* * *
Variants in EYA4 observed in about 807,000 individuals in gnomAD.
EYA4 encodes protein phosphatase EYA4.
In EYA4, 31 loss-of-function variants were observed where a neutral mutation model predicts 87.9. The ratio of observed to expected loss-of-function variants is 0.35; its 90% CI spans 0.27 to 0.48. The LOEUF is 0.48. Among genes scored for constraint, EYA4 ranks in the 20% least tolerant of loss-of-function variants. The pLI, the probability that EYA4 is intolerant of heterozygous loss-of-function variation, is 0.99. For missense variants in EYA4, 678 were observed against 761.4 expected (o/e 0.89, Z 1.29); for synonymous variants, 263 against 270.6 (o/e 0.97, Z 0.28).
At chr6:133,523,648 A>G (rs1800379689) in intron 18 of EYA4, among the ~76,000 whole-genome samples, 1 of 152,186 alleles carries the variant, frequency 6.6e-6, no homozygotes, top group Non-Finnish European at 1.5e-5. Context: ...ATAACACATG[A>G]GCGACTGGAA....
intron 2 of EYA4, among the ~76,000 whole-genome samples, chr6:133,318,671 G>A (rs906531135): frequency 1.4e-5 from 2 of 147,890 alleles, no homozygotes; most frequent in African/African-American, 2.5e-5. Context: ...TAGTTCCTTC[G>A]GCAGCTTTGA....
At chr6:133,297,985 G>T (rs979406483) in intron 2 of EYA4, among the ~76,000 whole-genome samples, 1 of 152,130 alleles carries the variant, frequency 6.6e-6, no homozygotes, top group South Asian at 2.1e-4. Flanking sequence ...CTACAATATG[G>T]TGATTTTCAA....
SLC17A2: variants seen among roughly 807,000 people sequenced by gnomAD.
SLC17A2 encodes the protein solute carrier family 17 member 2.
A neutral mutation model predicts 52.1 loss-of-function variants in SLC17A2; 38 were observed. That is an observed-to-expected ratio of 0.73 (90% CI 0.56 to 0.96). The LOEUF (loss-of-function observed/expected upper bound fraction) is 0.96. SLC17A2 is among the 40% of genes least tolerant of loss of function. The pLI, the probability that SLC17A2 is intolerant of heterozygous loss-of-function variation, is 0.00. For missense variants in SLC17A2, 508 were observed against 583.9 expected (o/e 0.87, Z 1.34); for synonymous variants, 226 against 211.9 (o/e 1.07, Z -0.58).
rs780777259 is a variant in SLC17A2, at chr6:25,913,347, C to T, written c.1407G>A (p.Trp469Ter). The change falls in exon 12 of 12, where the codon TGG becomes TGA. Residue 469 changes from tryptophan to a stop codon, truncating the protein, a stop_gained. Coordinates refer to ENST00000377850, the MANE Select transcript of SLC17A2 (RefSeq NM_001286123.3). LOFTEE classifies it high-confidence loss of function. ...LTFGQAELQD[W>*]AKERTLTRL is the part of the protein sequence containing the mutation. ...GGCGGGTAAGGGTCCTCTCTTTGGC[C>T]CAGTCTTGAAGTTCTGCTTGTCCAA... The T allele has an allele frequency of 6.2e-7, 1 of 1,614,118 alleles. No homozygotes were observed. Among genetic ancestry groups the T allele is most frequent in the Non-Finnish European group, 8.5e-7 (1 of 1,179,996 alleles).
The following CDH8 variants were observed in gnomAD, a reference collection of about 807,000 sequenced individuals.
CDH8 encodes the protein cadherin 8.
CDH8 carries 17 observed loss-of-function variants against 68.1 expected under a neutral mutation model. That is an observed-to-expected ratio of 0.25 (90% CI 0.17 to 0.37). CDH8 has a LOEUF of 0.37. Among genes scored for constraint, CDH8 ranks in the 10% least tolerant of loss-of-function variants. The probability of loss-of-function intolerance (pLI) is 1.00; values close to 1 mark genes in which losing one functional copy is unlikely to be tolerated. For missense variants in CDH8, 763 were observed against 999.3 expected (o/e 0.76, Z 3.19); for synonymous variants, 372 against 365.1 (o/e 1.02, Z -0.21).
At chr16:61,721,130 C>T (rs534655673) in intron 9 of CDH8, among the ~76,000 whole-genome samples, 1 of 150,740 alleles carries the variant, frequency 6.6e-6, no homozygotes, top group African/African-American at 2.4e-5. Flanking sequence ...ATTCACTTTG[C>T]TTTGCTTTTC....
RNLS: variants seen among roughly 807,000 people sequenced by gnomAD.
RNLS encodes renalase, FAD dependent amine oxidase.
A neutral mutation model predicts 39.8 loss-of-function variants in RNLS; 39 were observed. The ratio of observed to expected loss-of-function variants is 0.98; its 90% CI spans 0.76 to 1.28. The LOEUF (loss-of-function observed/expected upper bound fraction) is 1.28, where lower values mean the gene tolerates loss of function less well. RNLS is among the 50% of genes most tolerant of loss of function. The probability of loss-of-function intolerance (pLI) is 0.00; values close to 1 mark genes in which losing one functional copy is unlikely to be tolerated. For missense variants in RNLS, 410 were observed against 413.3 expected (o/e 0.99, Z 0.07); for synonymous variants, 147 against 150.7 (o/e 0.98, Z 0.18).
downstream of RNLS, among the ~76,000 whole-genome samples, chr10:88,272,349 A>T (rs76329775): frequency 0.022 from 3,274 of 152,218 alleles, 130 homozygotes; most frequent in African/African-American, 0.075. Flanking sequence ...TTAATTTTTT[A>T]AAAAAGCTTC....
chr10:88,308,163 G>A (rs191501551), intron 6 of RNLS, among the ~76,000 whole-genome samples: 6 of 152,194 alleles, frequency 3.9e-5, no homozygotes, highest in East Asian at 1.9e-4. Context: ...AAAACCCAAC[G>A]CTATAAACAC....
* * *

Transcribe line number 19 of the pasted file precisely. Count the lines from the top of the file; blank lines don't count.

chr10:88,308,163 G>A (rs191501551), intron 6 of RNLS, among the ~76,000 whole-genome samples: 6 of 152,194 alleles, frequency 3.9e-5, no homozygotes, highest in East Asian at 1.9e-4. Context: ...AAAACCCAAC[G>A]CTATAAACAC....